Thought forms can be considered as the deeper cognitive structure that allows one to make sense out of reality (Otto Laske, 2008). When a manager sees the world as being in constant transformation, is aware that each context has its big picture, and is eager to understand heterofore hidden relationships, he will be operating from a different stance, and this stance enables him to use cognitive tools of a new kind. It is my impression, working with the cognitive interviewing framework of Elliot Jaques and Otto Laske, that the thought forms occur at certain levels of complexity. For example ‘recognizing that two or more systems are related to each other, and can be coordinated, occurs when someone functions successfully on a complexity level where redefining systems and processes is crucial. I examined the relationship between the levels of complexity and the thought forms occurring at each level. This work resulted in the description of seven ‘Mental Highways’. The ‘Mental Highways’ can be seen as thinking patterns or language structure schemata through which meaning making at each of the capability levels (according to Elliot Jaques) is created. I’m convinced that these Mental Highways allow us to revisit the way most competence frameworks are build.
Most competence frameworks have four weaknesses :
These points make it understandable why the derived behavioral assessments have limited predicted power for Senior Management and/or CEO-functioning.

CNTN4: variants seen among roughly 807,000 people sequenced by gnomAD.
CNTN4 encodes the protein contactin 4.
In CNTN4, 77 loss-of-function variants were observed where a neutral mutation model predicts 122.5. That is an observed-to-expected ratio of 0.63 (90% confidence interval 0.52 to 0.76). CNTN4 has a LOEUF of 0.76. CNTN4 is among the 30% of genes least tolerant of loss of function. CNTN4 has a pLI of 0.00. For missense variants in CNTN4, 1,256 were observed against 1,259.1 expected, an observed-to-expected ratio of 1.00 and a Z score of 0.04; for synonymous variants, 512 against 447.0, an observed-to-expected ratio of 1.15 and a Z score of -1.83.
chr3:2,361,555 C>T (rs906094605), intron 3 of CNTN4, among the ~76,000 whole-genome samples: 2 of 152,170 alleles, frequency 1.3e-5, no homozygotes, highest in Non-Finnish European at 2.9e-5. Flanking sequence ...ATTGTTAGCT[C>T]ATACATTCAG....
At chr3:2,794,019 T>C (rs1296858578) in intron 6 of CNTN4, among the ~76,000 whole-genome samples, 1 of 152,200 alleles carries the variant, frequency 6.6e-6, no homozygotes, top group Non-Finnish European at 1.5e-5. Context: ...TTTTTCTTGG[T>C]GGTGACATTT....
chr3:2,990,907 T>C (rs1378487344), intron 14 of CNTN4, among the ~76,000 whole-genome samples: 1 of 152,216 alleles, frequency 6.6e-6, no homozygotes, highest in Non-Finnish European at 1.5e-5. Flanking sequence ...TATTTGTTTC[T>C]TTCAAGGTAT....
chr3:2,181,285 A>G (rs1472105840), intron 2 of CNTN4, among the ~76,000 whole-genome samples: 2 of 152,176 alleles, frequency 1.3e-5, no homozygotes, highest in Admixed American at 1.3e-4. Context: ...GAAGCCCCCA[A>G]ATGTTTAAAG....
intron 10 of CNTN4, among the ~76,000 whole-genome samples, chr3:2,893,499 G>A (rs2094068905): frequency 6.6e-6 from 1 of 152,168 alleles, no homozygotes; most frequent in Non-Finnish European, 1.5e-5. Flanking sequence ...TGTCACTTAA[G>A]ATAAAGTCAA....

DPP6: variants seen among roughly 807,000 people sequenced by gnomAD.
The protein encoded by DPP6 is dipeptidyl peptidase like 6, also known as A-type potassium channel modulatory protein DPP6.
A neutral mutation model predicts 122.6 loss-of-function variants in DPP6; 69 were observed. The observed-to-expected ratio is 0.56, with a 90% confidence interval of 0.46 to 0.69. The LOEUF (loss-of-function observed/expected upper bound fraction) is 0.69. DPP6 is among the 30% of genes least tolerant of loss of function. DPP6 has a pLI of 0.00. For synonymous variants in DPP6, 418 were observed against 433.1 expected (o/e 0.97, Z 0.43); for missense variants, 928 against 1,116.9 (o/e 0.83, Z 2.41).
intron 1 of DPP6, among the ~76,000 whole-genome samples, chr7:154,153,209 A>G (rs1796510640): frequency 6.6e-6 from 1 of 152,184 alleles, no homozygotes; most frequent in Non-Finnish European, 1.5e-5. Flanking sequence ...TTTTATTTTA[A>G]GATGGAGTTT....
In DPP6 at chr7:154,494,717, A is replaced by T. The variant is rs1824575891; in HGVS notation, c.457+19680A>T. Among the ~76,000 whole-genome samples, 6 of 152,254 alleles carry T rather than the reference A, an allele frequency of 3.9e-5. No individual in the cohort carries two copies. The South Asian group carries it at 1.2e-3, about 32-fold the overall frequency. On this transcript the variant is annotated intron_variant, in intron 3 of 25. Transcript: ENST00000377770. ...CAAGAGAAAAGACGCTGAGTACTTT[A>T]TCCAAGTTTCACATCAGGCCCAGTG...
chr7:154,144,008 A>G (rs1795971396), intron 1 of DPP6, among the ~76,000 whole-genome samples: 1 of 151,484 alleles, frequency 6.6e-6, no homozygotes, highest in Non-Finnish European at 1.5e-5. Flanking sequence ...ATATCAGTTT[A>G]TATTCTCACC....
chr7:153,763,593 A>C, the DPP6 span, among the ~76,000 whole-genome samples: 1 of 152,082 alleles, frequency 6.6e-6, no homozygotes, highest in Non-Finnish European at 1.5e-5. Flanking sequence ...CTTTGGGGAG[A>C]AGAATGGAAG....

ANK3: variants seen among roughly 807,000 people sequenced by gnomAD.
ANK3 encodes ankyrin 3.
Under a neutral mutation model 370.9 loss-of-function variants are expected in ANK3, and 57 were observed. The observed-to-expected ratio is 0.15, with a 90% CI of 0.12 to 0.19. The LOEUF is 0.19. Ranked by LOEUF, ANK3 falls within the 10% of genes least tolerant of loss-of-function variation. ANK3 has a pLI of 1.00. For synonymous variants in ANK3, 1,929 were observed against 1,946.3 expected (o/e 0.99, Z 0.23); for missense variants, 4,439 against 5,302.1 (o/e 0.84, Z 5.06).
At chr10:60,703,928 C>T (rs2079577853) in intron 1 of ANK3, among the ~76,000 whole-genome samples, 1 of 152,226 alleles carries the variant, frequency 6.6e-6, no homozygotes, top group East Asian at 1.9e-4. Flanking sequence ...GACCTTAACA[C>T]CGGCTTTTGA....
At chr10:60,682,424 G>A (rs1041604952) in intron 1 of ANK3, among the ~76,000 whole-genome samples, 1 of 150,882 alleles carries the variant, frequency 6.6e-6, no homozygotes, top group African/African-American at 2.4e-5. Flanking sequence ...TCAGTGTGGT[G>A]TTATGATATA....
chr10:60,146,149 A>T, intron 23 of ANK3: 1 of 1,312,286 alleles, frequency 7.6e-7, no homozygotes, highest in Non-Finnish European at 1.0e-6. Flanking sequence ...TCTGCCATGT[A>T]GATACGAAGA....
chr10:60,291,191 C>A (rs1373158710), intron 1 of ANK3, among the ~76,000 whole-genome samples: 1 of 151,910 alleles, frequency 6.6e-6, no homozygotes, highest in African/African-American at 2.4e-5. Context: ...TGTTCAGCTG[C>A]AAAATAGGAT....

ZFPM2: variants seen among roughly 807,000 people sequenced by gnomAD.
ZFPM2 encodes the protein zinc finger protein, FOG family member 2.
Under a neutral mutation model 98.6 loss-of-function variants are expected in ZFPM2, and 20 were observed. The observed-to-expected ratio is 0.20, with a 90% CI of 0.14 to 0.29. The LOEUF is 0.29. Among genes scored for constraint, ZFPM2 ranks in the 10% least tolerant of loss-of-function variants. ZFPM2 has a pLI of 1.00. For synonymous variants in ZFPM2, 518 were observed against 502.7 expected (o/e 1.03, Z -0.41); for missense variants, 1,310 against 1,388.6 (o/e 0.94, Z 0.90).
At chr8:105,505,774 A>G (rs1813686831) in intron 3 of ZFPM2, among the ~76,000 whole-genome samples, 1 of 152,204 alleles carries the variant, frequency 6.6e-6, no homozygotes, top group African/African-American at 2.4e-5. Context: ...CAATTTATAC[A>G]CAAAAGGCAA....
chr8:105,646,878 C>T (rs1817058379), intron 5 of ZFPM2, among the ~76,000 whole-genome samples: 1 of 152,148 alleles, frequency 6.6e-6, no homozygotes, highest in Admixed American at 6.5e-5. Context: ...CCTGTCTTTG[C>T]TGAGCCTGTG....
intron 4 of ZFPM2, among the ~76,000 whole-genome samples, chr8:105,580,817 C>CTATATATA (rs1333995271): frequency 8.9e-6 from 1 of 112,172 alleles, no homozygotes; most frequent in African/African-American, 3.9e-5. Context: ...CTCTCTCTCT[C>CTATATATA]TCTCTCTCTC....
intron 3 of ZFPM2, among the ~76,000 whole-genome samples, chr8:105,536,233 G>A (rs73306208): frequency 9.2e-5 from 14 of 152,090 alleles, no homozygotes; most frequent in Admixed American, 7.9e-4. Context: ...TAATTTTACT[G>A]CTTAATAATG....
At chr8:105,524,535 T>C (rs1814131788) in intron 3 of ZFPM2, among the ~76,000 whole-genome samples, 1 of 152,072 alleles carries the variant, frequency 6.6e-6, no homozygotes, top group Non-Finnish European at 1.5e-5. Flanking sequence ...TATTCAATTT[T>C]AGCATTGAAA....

An alternative is to redesign the behavioral competence models, based upon the idea that thinking precedes behavior. We can use Mental Highways as a model to identify the changes in behavior at higher complexity levels.
Let me share two examples, summarized in the table below. The vertical ax is one in increasing complexity (from the ‘lowest’ level 1 at the bottom to the level 5 at the top). Horizontally I have selected two ‘classic’ competency dimensions, ‘Thinking strategically’ and ‘Supporting productive working relationships’. The new behaviors that are introduced are shown in bold, the increased complexity (and correlated use of thought forms) is show in italics.
One can do this exercise for most of the competencies.
This redesign is highly versatile for individuals and particularly useful in guiding leadership development for :